Julia Gillard achieved her “year of decision and delivery” in relation to carbon pricing, health reform and the mining tax, but her self-appointed task of resolving the issue of asylum seekers remains unfinished at year’s end.
While the government has taken commendable steps to move away from mandatory detention, it has no policy to address the need to reduce the risk of asylum seekers risking their lives to reach Australia.
Nor does the Opposition, or the Greens. The Opposition insists that three demonstrably ineffective policies — towing boats back to Indonesia, processing on Nauru, and temporary protection visas — will deter boat arrivals. The insistence on temporary protection visas, in particular, given they encourage people to risk their lives to join family members in Australia, borders on immoral.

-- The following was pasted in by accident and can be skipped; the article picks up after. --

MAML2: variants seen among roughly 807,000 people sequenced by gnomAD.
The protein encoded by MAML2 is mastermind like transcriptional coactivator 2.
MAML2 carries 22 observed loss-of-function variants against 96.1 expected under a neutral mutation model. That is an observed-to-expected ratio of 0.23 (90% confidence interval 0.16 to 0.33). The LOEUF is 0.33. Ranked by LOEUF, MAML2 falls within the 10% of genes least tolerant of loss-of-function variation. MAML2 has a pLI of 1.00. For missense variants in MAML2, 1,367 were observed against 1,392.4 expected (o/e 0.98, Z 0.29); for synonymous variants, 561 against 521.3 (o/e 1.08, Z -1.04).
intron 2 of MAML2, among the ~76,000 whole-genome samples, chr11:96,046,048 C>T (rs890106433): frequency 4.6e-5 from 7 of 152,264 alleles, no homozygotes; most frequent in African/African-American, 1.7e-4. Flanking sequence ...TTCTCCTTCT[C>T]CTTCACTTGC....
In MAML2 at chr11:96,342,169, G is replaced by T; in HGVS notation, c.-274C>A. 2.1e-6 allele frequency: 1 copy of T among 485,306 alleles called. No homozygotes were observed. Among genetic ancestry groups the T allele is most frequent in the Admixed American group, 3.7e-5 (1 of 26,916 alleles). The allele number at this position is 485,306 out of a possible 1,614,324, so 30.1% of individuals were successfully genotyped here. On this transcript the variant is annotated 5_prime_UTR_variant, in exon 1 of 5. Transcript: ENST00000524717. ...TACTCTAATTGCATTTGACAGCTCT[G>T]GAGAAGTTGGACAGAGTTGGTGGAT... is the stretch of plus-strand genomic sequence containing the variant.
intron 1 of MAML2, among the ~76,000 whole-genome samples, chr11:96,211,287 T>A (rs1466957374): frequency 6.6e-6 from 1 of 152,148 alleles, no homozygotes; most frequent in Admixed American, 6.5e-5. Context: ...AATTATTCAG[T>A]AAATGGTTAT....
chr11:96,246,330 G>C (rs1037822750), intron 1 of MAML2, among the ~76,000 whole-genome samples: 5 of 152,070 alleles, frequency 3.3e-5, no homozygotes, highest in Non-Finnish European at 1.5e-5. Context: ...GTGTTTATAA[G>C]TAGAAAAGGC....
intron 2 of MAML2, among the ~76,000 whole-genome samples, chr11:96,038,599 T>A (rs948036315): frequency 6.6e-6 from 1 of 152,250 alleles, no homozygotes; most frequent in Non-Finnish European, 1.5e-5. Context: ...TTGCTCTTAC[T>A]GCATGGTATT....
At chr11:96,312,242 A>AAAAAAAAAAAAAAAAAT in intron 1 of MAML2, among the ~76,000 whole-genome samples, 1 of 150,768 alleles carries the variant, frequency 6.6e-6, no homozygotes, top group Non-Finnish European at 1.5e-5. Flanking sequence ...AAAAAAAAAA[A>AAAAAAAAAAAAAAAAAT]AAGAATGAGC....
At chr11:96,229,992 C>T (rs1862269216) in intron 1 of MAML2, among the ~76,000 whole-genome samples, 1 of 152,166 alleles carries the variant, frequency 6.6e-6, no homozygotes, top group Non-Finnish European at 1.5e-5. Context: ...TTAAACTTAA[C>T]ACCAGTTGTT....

The Greens insist onshore processing is the humanitarian response, without specifying how it deters people from risking their lives to reach here and take advantage of it.
Meantime, too many people wait in refugee camps, declared by the UNHCR to be genuine refugees, but unable to secure permanent resettlement.
Refugees are a global problem, and Australia can only play a limited role in resolving it in our region. But it can do more. And in particular, as a civilized society we need to find ways to prevent people from risking their lives while extending protection to as many people as we can. Our politicians, collectively, are failing us and failing their moral obligations.